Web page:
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I was wondering if there is an algorithm which: given a fully connected graph of n-nodes (with different weights)... will give me the cheapest cycle to go from node A (a start node) to all other nodes, and return to node A? Is there a way to alter an algorithm like Primm's to accomplish this?

Thanks for your help

EDIT: I forgot to mention I'm dealing with a undirected graph so the in-degree = out-degree for each vertex.

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Is this a homework question? – Nathan Sabruka Aug 4 '11 at 15:57
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I often idly wonder this from time to time too... – Amir Afghani Aug 4 '11 at 16:56

Can you not modify Dijkstra, to find you the shortest path to all other nodes, and then when you have found it, the shortest path back to A?

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According to what I understand Dijkstra finds the shortest path from the start node (A) to all other nodes... a->b, a->c,... but that would require me to return back to A after going to B to get to C. This is inefficient because I invoke the a->b edge traversal cost twice. I already have a modified version of Dijkstra to find the shortest path between all nodes but that still leaves me with many different options for cycles. I feel like this is essentially the Traveling Salesmen problem without the constrain of visiting each node only once. – hershey101 Aug 4 '11 at 16:06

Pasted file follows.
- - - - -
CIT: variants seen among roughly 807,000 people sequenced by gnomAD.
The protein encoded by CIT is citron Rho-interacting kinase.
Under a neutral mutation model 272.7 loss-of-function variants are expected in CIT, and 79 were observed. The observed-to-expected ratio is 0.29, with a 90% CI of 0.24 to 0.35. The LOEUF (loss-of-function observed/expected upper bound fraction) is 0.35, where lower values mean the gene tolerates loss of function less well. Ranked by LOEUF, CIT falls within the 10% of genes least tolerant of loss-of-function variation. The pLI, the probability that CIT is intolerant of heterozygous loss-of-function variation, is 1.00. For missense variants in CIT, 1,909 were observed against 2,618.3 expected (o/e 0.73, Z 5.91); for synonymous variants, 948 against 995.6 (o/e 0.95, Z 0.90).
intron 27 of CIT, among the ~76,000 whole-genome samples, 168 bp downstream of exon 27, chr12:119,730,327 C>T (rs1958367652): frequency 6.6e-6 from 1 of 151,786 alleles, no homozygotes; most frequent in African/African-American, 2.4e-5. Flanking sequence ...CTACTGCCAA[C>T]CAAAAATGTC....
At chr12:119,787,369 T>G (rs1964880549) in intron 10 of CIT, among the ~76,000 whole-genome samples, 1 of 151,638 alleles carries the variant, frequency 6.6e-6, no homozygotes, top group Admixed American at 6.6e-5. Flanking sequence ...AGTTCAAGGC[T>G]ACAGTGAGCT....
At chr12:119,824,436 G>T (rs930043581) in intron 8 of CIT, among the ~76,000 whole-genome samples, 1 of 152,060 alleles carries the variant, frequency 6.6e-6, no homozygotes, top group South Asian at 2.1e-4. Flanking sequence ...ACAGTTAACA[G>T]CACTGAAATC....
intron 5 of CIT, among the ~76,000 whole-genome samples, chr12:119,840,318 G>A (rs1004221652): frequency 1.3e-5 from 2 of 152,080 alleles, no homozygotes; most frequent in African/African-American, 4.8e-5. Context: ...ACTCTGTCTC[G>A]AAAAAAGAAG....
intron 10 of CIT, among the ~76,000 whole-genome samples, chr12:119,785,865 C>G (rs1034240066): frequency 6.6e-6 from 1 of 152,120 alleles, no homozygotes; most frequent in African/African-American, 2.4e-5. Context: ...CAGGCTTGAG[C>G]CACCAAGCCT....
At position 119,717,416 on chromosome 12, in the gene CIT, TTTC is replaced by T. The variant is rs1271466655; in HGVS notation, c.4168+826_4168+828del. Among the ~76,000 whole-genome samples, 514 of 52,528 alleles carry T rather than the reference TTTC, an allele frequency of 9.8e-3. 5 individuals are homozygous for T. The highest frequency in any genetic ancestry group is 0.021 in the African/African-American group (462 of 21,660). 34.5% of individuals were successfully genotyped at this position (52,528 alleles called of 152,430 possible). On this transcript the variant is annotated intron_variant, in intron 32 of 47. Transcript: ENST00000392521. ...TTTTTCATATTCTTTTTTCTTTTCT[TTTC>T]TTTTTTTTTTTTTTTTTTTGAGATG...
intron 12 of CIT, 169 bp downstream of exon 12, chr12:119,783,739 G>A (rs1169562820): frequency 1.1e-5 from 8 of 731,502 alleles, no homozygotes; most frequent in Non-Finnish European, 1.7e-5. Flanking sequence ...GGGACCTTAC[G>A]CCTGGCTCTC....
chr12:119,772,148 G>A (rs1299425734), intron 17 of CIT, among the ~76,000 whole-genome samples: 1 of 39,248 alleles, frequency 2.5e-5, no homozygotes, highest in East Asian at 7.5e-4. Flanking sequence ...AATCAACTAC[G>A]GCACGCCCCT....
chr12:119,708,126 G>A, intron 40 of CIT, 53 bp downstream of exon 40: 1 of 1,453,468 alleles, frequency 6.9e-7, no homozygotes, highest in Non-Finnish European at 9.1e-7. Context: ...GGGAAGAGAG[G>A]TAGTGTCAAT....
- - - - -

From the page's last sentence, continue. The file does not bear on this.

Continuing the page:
You can try the iterative deepening A star search algorithm. It is always optimal. You need to define a heuristic though and this will depend on the problem you are trying to solve.

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There need not be any such path. It exists if and only if the in-degree of every node equals its out-degree.

What you want is the cheapest Eulerian path. The problem of finding it is called the Traveling Salesman Problem. There is not, and cannot be, a fast algorithm to solve it.

Edit: On second thought: The Traveling Salesman Problem searches for a tour that visits every node exactly once. You're asking for a tour that visits every node at least once. Thus, your problem might just be in P. I doubt it, though.

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It seems like it would be harder than traveling salesman because with traveling salesman when you go from A to B, you don't even have to consider whether to go back to A. But I won't say it's impossible that it's easier for some other reason. – Samuel Edwin Ward Jun 26 '12 at 22:52

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